Underactive Dorsal Striatum May Play Role in Overeating
Compromised dopamine signaling in brain areas linked to food reward may also raise obesity risk
FRIDAY, Oct. 16 (HealthDay News) -- Obese individuals may overeat to compensate for a decreased response to food reward in the dorsal striatum, especially those individuals with genetic polymorphisms that may lower dopamine signaling in this area, according to research published in the Oct. 17 issue of Science.
Eric Stice, Ph.D., of the Oregon Research Institute in Eugene, and colleagues discuss the results of two studies. In one, 43 young women underwent functional MRI while viewing pictures of a milkshake and a glass of water, and tasting a milkshake or flavorless solution. The second study, with 33 adolescent girls, was similar, but the visual cues were geometric shapes.
In both studies, obese subjects compared to lean subjects had a lower striatal response to the milkshake, particularly in the individuals with the A1 allele of the TaqIA restriction fragment length polymorphism, the investigators found. This allele has been associated with compromised striatal dopamine signaling. In each study, the A1 allele moderated the negative relation between body mass index and activation in the left caudate nucleus when subjects drank the milkshake compared to the flavorless solution, the report indicates.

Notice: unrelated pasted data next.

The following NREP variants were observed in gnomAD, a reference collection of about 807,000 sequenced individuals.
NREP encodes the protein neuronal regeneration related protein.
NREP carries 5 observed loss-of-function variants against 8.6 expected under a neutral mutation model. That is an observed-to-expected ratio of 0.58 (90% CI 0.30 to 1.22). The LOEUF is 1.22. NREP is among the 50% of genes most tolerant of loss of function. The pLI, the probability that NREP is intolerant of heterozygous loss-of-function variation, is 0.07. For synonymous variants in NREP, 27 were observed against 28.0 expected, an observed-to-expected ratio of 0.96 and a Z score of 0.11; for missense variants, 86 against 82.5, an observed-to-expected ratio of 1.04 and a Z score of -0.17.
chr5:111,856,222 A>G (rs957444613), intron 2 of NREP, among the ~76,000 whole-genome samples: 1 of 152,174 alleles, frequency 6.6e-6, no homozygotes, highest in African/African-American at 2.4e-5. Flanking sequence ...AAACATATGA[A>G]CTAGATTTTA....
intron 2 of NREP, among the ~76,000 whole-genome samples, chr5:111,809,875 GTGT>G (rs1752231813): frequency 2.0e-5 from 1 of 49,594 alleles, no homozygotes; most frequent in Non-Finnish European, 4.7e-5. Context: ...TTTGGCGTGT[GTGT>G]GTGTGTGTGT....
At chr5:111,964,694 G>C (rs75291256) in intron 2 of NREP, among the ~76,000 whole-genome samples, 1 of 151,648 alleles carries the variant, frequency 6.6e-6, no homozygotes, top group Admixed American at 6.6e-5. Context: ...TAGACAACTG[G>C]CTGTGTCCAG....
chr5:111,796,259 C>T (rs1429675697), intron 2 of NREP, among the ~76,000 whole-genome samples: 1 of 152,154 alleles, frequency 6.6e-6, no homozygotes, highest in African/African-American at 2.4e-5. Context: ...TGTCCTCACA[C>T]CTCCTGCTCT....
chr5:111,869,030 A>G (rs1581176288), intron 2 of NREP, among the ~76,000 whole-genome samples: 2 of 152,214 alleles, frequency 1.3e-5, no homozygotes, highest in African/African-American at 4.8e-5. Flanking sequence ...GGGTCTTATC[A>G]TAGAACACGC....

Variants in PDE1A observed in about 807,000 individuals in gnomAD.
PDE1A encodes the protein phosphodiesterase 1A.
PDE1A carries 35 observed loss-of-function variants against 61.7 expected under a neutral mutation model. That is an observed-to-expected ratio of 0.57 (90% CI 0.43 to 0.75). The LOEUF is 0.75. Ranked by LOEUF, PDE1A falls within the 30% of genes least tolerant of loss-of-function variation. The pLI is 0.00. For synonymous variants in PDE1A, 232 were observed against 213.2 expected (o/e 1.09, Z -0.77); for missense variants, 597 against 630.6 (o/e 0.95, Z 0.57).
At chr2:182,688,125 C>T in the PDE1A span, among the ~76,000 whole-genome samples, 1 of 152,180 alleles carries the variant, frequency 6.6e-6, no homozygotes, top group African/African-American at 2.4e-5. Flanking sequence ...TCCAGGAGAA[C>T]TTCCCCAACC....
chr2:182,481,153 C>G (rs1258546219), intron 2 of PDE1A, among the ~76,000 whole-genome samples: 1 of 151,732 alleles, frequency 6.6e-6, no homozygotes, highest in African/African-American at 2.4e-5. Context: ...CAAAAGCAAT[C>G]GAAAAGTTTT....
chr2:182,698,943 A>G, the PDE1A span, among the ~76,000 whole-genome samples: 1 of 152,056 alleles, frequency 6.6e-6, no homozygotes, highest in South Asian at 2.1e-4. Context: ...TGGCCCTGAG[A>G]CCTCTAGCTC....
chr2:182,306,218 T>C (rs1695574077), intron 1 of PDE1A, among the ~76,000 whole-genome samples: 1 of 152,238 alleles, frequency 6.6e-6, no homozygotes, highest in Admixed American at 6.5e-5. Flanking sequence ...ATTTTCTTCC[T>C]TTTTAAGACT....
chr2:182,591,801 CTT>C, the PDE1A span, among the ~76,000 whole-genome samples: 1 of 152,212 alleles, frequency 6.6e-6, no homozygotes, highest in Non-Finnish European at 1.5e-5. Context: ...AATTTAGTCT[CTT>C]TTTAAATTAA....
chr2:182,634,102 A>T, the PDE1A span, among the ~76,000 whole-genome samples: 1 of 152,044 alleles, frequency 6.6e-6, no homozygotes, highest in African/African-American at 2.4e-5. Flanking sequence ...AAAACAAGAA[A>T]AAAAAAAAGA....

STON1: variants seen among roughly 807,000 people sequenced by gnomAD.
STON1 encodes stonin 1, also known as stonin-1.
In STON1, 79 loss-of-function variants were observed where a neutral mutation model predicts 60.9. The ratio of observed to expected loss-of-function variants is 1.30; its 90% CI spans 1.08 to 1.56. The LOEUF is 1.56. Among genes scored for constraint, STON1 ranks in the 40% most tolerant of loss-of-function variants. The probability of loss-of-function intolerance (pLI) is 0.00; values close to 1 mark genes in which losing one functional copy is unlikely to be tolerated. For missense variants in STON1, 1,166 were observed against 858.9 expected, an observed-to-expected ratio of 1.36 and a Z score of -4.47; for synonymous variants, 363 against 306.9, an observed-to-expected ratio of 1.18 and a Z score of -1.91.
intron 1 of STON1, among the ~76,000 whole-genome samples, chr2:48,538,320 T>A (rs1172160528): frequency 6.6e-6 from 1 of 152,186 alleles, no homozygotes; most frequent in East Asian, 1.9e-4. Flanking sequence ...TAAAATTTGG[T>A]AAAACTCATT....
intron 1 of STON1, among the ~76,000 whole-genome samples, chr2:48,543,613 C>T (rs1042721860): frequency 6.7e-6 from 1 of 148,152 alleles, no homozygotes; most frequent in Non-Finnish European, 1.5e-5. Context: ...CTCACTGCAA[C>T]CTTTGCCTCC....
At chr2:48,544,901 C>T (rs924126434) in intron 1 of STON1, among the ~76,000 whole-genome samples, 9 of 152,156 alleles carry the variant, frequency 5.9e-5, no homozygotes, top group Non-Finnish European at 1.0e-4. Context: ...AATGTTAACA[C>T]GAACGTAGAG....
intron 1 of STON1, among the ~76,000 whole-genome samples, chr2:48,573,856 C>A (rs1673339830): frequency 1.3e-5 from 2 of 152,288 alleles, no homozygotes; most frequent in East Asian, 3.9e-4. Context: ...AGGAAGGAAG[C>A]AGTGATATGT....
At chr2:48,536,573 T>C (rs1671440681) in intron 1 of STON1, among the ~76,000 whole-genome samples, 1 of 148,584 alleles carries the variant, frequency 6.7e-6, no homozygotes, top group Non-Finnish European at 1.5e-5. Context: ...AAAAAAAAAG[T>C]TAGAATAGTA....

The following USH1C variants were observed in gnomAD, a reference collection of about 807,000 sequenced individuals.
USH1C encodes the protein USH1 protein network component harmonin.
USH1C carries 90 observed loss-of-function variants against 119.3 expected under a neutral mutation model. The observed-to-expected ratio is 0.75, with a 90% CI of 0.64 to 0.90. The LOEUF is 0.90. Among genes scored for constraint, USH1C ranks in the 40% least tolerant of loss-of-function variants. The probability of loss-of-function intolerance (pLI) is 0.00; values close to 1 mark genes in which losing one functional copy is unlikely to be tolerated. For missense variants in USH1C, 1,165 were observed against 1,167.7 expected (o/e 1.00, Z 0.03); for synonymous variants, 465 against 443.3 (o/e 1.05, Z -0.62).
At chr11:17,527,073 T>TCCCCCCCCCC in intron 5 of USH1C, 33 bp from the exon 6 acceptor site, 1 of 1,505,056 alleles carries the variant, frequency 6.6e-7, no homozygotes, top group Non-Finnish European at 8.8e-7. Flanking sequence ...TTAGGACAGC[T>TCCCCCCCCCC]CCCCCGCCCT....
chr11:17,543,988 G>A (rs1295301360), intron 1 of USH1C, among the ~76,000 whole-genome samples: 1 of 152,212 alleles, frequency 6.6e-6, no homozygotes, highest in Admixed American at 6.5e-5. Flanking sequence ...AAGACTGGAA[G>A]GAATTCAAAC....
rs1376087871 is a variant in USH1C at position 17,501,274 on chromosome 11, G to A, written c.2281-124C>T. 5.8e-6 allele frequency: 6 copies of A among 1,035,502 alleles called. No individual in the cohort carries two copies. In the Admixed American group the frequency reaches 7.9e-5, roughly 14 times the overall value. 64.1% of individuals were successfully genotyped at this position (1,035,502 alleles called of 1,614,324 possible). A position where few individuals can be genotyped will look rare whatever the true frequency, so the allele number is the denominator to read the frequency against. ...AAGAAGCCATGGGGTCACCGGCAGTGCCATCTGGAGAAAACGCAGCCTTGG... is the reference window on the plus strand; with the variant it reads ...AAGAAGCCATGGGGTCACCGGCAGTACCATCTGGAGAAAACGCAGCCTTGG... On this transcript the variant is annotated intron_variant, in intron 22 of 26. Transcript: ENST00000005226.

"In conclusion, the present results strongly suggest that individuals who show blunted striatal activation during food intake are at risk for obesity, particularly those at genetic risk for compromised dopamine signaling in brain regions implicated in food reward. Thus, behavioral or pharmacologic interventions that remedy striatal hypofunctioning may assist in the prevention and treatment of this pernicious health problem," the authors conclude.